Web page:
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Francesco Chiossi is a PhD researcher in the Media Informatics Group at LMU Munich. With a background in cognitive neuroscience, he focuses on implicit measures of human behavior, such as EDA and EEG, as an implicit input to design physiologically-adaptive Mixed Reality systems.
Ekaterina Stepanova is a Ph.D. Candidate at the School of Interactive Arts and Technology at Simon Fraser University with a background in cognitive science, developmental psychology, and virtual reality. Her research employs somaesthetics and embodied cognition to design mediated experiences with bioresponsive and immersive technologies.
Benjamin Tag is a Lecturer in the Embodied Visualisation Group at Monash. He is researching ways to quantify and understand human emotions and cognition by combining methods from cognitive psychology and ubiquitous computing. He is interested in deploying commodity devices (e.g., smartphones) in everyday settings to enable comprehensive long-term mental state assessments.
Monica Perusquía-Hernández is an assistant professor at the Nara Institute of Science and Technology (NAIST), Japan, working in affective computing, signal processing, and interoceptive awareness enhancement in cyber-physical systems. Her work relies on Computer Vision, EMG, EEG, ECG, and EDA for congruence estimation between facial expressions and emotions.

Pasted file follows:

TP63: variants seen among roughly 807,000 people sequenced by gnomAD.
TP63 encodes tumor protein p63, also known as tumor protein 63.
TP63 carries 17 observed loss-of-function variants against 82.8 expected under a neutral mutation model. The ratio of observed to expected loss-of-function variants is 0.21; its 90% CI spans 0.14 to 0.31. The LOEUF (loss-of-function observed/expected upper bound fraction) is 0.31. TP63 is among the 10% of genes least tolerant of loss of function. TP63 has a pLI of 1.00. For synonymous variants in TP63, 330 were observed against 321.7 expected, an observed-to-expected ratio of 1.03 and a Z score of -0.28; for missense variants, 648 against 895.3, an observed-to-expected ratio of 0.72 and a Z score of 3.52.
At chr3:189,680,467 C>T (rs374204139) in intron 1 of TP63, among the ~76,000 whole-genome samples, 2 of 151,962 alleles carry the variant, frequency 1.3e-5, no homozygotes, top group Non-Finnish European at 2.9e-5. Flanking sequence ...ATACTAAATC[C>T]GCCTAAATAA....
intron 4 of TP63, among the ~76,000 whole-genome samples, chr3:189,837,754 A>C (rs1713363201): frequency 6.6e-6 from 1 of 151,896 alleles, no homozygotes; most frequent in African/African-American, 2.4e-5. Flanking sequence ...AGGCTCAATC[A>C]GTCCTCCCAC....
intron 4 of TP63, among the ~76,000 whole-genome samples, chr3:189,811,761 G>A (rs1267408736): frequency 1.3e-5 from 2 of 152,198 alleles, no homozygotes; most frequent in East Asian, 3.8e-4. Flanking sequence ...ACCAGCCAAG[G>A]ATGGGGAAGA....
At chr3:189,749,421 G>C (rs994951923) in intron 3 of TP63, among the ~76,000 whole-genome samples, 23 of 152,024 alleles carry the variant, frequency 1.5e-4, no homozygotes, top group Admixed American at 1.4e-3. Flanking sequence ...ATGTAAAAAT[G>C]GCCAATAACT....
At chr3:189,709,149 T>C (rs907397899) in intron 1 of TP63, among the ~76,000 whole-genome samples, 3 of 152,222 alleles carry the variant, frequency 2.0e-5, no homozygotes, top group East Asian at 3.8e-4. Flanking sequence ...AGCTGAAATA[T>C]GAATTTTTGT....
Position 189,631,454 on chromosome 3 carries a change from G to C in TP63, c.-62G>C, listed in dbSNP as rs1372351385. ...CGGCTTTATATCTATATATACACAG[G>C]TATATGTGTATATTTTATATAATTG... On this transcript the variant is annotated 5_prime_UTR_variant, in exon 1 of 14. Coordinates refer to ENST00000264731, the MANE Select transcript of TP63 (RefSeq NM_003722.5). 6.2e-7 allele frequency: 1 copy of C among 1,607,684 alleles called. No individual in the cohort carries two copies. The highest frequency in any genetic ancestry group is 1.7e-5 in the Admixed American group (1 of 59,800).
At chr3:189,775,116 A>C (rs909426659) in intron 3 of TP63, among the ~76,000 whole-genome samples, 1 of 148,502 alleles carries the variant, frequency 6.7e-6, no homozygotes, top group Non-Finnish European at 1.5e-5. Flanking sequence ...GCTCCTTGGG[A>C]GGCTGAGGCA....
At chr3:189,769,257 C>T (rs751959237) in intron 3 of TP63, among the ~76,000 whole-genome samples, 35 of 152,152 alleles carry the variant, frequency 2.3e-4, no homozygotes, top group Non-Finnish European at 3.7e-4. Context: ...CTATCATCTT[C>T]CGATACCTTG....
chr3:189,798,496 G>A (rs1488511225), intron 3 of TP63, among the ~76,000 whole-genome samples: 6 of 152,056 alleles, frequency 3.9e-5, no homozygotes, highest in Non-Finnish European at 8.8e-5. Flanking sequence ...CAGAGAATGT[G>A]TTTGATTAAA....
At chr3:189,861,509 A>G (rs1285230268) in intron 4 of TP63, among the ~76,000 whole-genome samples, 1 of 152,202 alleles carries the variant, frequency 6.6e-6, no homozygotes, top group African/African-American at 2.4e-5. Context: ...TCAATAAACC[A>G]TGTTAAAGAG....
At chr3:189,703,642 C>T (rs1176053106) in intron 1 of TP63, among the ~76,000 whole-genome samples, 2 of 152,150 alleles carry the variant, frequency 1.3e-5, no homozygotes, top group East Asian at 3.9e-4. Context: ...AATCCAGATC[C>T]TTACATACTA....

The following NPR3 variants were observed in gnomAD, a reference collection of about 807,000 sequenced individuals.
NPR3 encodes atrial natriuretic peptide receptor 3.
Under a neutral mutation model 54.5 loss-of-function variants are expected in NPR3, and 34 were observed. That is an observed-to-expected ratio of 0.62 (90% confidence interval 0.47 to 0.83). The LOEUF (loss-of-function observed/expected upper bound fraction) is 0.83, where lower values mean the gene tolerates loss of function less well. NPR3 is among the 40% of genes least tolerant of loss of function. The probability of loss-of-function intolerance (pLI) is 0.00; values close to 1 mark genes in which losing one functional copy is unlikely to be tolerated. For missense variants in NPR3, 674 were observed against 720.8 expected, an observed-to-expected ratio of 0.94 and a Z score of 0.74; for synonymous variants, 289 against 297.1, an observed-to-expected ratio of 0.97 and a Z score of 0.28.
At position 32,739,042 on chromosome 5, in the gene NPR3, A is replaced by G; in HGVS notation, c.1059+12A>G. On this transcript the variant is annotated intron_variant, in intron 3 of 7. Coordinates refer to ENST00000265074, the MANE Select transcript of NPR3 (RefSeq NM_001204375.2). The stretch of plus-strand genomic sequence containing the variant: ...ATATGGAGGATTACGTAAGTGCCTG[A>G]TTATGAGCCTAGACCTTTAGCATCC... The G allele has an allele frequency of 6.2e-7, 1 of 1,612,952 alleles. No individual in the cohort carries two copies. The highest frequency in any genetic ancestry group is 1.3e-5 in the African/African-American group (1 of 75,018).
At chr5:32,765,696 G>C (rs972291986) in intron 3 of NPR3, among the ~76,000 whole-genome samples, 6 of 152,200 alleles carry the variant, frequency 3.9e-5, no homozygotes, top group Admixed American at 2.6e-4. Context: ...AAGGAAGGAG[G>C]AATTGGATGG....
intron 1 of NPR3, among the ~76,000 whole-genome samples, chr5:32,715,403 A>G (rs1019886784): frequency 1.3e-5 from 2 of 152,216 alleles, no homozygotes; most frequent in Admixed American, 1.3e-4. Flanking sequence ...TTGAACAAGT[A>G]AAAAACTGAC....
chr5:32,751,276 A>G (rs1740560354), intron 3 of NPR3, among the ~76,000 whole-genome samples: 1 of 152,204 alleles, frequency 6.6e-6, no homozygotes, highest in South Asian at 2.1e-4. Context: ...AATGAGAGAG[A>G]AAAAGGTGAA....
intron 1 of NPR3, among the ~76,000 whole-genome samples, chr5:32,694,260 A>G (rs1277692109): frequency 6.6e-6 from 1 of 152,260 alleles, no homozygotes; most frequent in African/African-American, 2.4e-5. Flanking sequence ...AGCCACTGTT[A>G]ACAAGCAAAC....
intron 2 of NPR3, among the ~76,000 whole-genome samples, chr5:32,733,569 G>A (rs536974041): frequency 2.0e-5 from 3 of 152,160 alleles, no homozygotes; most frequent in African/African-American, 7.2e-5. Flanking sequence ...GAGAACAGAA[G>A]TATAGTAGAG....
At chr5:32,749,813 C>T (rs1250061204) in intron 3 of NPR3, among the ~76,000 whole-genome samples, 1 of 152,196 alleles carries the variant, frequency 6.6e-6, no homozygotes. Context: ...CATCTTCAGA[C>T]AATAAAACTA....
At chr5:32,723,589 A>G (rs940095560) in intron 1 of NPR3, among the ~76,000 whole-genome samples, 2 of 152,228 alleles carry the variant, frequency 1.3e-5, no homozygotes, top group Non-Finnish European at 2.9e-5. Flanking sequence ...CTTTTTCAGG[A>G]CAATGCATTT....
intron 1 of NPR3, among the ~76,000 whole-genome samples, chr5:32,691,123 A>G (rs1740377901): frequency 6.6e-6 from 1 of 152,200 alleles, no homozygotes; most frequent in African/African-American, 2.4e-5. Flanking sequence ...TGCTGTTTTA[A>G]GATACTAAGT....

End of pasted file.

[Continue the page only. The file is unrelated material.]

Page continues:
Alexandra Kitson is a postdoctoral fellow in the Tangible Embodied Child Computer Interaction Lab at Simon Fraser University, whose research is focused on designing, developing, and evaluating interactive systems such as wearables and virtual reality to support both personal and social transformation and emotional well-being.
Arindam Dey is a computer scientist on a mission to make Metaverse better for users in various ways. Currently, he is a Research Scientist at Meta, focusing on health and safety in the metaverse. He is also an Honorary Research Fellow at the University of Queensland, Australia, primarily focusing on Mixed Reality and Empathic Computing.
Sven Mayer is an assistant professor at LMU Munich. His research sits at the intersection between HCI and Artificial Intelligence, where he focuses on the next generation of computing systems. He uses artificial intelligence to design, build, and evaluate future human-centered interfaces.
Abdallah El Ali is an HCI research scientist at Centrum Wiskunde & Informatica (CWI) in Amsterdam within the Distributed & Interactive Systems group. He leads the research area on Affective Interactive Systems, combining advances in HCI, eXtended Reality, and Artificial Intelligence to measure, infer, and augment human cognitive, affective, and social interactions.